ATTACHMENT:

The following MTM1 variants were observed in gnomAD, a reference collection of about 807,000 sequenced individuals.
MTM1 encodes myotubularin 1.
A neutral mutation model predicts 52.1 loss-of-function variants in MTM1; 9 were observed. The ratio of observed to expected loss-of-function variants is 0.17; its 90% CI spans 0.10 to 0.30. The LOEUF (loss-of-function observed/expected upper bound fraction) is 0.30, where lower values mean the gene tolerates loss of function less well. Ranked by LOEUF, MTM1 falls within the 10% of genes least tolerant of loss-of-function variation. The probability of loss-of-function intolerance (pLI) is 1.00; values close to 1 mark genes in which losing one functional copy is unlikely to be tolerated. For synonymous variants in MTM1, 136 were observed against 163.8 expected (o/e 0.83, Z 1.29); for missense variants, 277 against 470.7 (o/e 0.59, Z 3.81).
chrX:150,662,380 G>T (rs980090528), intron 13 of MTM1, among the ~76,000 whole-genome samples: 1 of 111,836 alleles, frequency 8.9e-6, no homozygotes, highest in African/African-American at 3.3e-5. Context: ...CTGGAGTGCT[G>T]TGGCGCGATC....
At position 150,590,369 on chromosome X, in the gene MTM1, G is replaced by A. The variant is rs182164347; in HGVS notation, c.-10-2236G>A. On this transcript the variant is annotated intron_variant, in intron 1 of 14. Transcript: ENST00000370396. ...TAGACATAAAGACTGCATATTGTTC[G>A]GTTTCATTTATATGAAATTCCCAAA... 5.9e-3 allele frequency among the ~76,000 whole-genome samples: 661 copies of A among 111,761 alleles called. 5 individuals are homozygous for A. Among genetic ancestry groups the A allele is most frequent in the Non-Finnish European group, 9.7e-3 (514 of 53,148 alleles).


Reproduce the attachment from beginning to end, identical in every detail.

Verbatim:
The following MTM1 variants were observed in gnomAD, a reference collection of about 807,000 sequenced individuals.
MTM1 encodes myotubularin 1.
A neutral mutation model predicts 52.1 loss-of-function variants in MTM1; 9 were observed. The ratio of observed to expected loss-of-function variants is 0.17; its 90% CI spans 0.10 to 0.30. The LOEUF (loss-of-function observed/expected upper bound fraction) is 0.30, where lower values mean the gene tolerates loss of function less well. Ranked by LOEUF, MTM1 falls within the 10% of genes least tolerant of loss-of-function variation. The probability of loss-of-function intolerance (pLI) is 1.00; values close to 1 mark genes in which losing one functional copy is unlikely to be tolerated. For synonymous variants in MTM1, 136 were observed against 163.8 expected (o/e 0.83, Z 1.29); for missense variants, 277 against 470.7 (o/e 0.59, Z 3.81).
chrX:150,662,380 G>T (rs980090528), intron 13 of MTM1, among the ~76,000 whole-genome samples: 1 of 111,836 alleles, frequency 8.9e-6, no homozygotes, highest in African/African-American at 3.3e-5. Context: ...CTGGAGTGCT[G>T]TGGCGCGATC....
At position 150,590,369 on chromosome X, in the gene MTM1, G is replaced by A. The variant is rs182164347; in HGVS notation, c.-10-2236G>A. On this transcript the variant is annotated intron_variant, in intron 1 of 14. Transcript: ENST00000370396. ...TAGACATAAAGACTGCATATTGTTC[G>A]GTTTCATTTATATGAAATTCCCAAA... 5.9e-3 allele frequency among the ~76,000 whole-genome samples: 661 copies of A among 111,761 alleles called. 5 individuals are homozygous for A. Among genetic ancestry groups the A allele is most frequent in the Non-Finnish European group, 9.7e-3 (514 of 53,148 alleles).